We all depend on power from the electricity grid to run our air conditioning, and municipal water systems to fuel our laundry and showers. Most Americans do, anyway. In the Three Rivers community of Lake Billy Chinook, OR, more than 250 homes have committed to living completely disconnected from the commercial water and power utilities on which most Americans rely—a decision more popularly known as living “off the grid.”
Three Rivers residents generate most of their power from solar panels on their rooftops or on nearby freestanding structures positioned to more efficiently capture the sun. Some supplement the energy with wind power. The solar energy is enough to power their computers, lights, big-screen TVs, microwaves, and refrigerators.
“Ninety percent of the people here, if (outside) power were offered to them, they’d turn it down,” says Gary Sweet, who moved to the community a few years ago.
Residents have invested in their off-grid community for a variety of reasons. They joke about the peace from sirens and car alarms, the closeness with nature, and the return to American values. By living off the grid, their use of resources is limited to renewable energy, water, and food. They cannot use more than they can produce, and so their carbon footprint is virtually zero. By relying on solar power, they emit no pollution and are immune to energy price hikes. Solar is the most dependable power source available for off-grid living.
For many, the idea of living off the grid seems unattainable. However, an increasing number of communities like Three Rivers are taking the plunge to prove that sustainable, off-grid life is feasible and fulfilling. Off-grid living is taking off in such far-flung places as California, Texas, and Wisconsin, mostly regions where solar power is plentiful and plugging into the grid is difficult due to the distance between communities.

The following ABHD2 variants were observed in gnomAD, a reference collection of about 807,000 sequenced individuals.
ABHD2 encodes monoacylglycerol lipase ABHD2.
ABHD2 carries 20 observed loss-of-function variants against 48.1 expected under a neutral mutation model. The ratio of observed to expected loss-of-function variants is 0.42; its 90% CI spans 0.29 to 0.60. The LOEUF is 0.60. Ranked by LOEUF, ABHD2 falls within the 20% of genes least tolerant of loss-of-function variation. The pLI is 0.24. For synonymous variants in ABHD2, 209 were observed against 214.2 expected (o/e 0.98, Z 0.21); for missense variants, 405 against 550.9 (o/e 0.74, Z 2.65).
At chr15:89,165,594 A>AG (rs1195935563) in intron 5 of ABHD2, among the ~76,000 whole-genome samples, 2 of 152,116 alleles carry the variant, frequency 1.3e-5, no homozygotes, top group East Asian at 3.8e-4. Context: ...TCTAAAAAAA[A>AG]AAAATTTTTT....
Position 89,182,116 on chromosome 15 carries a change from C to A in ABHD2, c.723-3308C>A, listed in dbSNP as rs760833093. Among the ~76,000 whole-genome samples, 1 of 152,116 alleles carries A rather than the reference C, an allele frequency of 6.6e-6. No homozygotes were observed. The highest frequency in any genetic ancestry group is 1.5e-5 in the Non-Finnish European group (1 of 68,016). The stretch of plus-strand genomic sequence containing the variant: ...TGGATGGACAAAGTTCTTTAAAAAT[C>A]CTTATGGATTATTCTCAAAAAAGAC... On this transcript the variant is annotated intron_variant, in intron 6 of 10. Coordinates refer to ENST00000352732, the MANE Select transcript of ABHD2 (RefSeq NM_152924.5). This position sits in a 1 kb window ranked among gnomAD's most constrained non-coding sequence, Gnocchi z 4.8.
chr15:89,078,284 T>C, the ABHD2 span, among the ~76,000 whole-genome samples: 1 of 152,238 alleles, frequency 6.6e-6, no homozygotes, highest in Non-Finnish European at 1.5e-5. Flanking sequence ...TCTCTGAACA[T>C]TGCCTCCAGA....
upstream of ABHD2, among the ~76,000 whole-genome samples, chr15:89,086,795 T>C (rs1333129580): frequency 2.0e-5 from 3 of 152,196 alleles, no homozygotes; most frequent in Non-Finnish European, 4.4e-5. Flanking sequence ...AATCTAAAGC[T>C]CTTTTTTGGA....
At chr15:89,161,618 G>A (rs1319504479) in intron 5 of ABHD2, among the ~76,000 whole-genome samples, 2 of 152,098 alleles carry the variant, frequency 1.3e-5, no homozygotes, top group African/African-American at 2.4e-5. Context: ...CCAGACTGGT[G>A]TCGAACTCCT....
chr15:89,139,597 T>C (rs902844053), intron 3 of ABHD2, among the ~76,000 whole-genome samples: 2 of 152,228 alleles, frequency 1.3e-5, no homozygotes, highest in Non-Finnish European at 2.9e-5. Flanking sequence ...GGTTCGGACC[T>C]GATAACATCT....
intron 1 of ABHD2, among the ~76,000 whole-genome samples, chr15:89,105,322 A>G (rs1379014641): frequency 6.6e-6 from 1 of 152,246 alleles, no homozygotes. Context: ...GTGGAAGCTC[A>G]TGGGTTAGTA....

An estimated 180,000 homes are currently operating off the grid, and the number increases by about a third each year. Many rural and suburban homeowners are also using partial alternative systems with solar panels to supplement power from a commercial power grid. If these homeowners produce more power than they can use, they can sell it back to the power companies, who are usually required to buy it.
Homeowners aren’t alone, either. The Los Angeles Community College District received the 2007 Governor’s Environmental and Economic Leadership Award for decreasing its dependence on fossil fuels and upping its efforts to generate enough electricity from solar sources to take its campuses off the grid.
With creative solutions like those seen in Three Rivers and the Los Angeles Community College District, both individuals and communities can unplug from “the grid,” reduce dependence on fossil fuels, and make a significant impact on climate change.
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